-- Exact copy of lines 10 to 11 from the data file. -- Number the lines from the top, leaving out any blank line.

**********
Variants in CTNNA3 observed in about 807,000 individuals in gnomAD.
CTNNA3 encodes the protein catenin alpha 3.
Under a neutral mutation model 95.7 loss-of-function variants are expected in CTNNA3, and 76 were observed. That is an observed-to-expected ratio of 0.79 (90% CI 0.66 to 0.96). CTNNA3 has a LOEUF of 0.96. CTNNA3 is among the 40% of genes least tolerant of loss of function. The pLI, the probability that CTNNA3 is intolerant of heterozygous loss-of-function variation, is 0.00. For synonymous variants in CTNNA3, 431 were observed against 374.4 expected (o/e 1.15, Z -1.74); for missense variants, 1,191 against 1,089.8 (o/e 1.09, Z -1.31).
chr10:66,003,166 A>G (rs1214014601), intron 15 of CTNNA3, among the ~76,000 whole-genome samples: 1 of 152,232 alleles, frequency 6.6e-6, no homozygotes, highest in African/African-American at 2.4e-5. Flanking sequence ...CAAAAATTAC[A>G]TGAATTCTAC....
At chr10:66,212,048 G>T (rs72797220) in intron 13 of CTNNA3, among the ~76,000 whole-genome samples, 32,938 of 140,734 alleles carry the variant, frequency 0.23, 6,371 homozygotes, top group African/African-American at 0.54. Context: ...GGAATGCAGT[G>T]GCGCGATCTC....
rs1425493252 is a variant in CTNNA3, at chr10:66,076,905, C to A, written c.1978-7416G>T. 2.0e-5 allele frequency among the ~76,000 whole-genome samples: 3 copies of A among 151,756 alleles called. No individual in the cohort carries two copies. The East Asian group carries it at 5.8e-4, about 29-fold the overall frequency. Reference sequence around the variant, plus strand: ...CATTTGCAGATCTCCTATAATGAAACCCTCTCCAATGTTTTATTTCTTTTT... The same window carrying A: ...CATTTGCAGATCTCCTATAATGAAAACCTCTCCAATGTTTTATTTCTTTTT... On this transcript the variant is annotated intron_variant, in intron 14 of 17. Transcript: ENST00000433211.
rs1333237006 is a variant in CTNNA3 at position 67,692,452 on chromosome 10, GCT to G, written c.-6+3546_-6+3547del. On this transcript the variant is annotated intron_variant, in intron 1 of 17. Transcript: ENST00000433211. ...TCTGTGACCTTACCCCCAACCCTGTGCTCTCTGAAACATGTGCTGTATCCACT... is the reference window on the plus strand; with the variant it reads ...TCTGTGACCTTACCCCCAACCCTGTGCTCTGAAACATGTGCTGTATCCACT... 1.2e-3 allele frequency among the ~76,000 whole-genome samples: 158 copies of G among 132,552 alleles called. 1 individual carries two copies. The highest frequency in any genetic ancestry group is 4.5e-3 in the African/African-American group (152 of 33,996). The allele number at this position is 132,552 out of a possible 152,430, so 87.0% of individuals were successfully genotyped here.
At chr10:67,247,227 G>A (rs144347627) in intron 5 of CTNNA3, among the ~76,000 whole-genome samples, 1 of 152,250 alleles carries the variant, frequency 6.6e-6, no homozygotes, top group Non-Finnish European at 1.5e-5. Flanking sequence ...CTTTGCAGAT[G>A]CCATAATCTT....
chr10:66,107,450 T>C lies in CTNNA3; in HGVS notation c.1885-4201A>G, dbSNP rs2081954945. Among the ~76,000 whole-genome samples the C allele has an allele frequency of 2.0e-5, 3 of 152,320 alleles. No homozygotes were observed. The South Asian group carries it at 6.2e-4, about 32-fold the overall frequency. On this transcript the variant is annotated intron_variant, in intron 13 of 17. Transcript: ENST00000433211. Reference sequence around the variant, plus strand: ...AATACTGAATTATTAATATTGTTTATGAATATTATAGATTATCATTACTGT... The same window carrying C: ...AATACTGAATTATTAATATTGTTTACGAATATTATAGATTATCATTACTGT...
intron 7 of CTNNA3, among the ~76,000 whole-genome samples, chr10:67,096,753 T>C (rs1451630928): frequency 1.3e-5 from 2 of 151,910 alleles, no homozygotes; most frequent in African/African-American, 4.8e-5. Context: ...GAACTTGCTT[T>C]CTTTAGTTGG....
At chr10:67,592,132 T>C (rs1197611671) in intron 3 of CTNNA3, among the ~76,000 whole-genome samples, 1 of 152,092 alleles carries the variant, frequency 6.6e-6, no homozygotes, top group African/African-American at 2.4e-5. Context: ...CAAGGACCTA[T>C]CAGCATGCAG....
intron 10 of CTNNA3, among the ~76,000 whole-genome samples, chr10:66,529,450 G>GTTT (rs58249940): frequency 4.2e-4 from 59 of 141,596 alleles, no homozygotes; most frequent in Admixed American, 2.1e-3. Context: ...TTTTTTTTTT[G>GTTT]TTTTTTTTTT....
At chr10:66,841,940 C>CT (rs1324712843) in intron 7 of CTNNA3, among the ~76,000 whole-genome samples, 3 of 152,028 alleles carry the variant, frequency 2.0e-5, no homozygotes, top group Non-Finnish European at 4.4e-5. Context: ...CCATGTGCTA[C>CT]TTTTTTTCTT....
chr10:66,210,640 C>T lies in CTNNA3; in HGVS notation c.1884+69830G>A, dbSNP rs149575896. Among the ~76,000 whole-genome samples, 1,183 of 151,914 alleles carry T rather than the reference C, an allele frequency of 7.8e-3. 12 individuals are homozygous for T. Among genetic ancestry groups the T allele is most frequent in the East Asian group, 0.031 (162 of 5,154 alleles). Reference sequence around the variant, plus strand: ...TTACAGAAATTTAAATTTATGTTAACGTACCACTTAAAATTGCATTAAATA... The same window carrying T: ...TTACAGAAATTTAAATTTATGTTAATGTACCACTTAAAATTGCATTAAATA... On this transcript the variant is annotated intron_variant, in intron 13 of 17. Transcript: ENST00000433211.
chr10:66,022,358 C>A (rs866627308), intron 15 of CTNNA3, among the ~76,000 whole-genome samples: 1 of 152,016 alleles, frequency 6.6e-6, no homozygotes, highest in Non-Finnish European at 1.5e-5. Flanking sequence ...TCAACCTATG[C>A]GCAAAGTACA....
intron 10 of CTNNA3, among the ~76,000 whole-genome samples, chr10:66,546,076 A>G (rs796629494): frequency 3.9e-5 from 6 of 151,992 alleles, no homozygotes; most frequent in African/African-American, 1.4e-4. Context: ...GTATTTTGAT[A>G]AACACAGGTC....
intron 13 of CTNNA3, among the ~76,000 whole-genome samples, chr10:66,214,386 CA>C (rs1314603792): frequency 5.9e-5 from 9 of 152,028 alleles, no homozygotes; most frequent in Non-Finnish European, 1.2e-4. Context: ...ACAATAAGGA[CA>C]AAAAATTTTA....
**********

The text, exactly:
intron 7 of CTNNA3, among the ~76,000 whole-genome samples, chr10:67,096,753 T>C (rs1451630928): frequency 1.3e-5 from 2 of 151,910 alleles, no homozygotes; most frequent in African/African-American, 4.8e-5. Context: ...GAACTTGCTT[T>C]CTTTAGTTGG....
At chr10:67,592,132 T>C (rs1197611671) in intron 3 of CTNNA3, among the ~76,000 whole-genome samples, 1 of 152,092 alleles carries the variant, frequency 6.6e-6, no homozygotes, top group African/African-American at 2.4e-5. Context: ...CAAGGACCTA[T>C]CAGCATGCAG....